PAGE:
NHS Campaigning - Practical Tips

You’ve seen a few stories about the NHS in the news? You’ve watched Sell Off? You’ve read a few articles on [Open Democracy] (www.opendemocracy.net/ournhs)?

Now you want to do something. The NHS isn’t going to save itself. The question is what? Its not an easy one to answer. The following post is aimed at provoking some discussion about areas you could look at.

Legislation #

The Health and Social Care Act (2012) looms large over everything NHS related. Any attempt to save and improve our National Health Service will require this damaging legislation to be scrapped and replaced with something fit for purpose.

Written by Allyson Pollock and Peter Roderic the NHS Reinstatement Bill (2015) attempts to correct the errors of not just the Health and Social Care Act but the last 30 years of marketisation within the NHS.

The Reinstatement Bill has been supported by a coalition of Green Party, SNP, Plaid, MPs together with a single Liberal Democrat backbencher and a couple of Labour Party ones.

The campaign in support of the bill is asking people to get in touch with their MPs directly to encourage them to sign up to support the bill. More info can be found on their website.

The Labour Party #

Regardless of your opinion of the Labour Party, they are going to be crucial to the future of the NHS. A Conservative led government will weaken the NHS to breaking point and continue the work done in this parliament to bring it to its knees.

Whoever you vote for in the upcoming election it is important that we put pressure on Labour to carry out their pre-election promises and demand they go further to safeguard our NHS.

There is a large amount of dissatisfaction with Labour. A lot of this is justified. We must hope for a Labour led government and then campaign for them to rebuild our NHS, remove the market and end the crippling PFI debt. Even if your not a member or supporter of the Labour Party, it is still possible to influence their decision making.

Whether its at a hustings, a political meeting or in your local MPs surgery you can have your say to let them know what you want your elected representatives to carry out in office. If you don’t agree with their policies tell them why!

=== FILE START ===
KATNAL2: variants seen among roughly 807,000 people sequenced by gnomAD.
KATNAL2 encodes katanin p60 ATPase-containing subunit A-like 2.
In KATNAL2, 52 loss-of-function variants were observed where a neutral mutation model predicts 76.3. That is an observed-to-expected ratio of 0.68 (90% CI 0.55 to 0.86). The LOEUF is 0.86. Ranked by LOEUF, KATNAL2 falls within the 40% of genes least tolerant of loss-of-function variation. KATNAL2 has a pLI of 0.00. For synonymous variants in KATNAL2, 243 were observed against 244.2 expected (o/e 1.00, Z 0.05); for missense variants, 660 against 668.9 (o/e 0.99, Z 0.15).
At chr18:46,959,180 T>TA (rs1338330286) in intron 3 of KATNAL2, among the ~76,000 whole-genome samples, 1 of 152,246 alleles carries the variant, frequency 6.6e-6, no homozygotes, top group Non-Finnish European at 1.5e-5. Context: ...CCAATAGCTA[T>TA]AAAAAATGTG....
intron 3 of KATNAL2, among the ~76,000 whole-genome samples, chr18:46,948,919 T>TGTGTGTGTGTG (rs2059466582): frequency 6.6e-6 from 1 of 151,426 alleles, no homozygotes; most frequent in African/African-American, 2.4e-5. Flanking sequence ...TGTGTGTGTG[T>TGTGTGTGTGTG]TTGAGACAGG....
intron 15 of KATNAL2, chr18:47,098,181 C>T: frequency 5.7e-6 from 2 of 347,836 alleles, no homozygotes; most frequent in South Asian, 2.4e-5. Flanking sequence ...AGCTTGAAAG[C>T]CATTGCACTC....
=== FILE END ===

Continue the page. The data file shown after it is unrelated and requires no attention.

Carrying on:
[The Labour NHS Lobby is a good example of this kind of ethos in practice.] (labournhslobby.wordpress.com)

The Trade Union Movement #

At some point you will be a worker. The trade union movement is your collective representative on a larger scale. Most have done some NHS campaigning, but it hasn’t been enough. The trade unions which are affilited to the Labour Party have not used this link to push the Labour Party to have better policy on the NHS.

Trade Unions can be a great place to meet other activists, find out about local campaigns and give your voice weight. It is never to early to get involved in trade union work. They all have young members sections and if you are a student on a health related course their will be a trade union for you to join.

Local Campaigns #

One of the best ways to feel like your action is having a meaningful impact is through a local campaign. It is here that the damaging impacts of cuts, privatisation and closures are being felt.

The way that the changes and difficulties the NHS is facing are impacting on local services is different in each area. This means that for this kind of work you really need to get to know what’s going on where you are. A great place to start for this would be organisations like Keep Our NHS Public, or the 999 Campaign for the NHS.

Examples of the great work that is going on at a local level can be found in Lewisham, and the East End of London.

In Summary #

 
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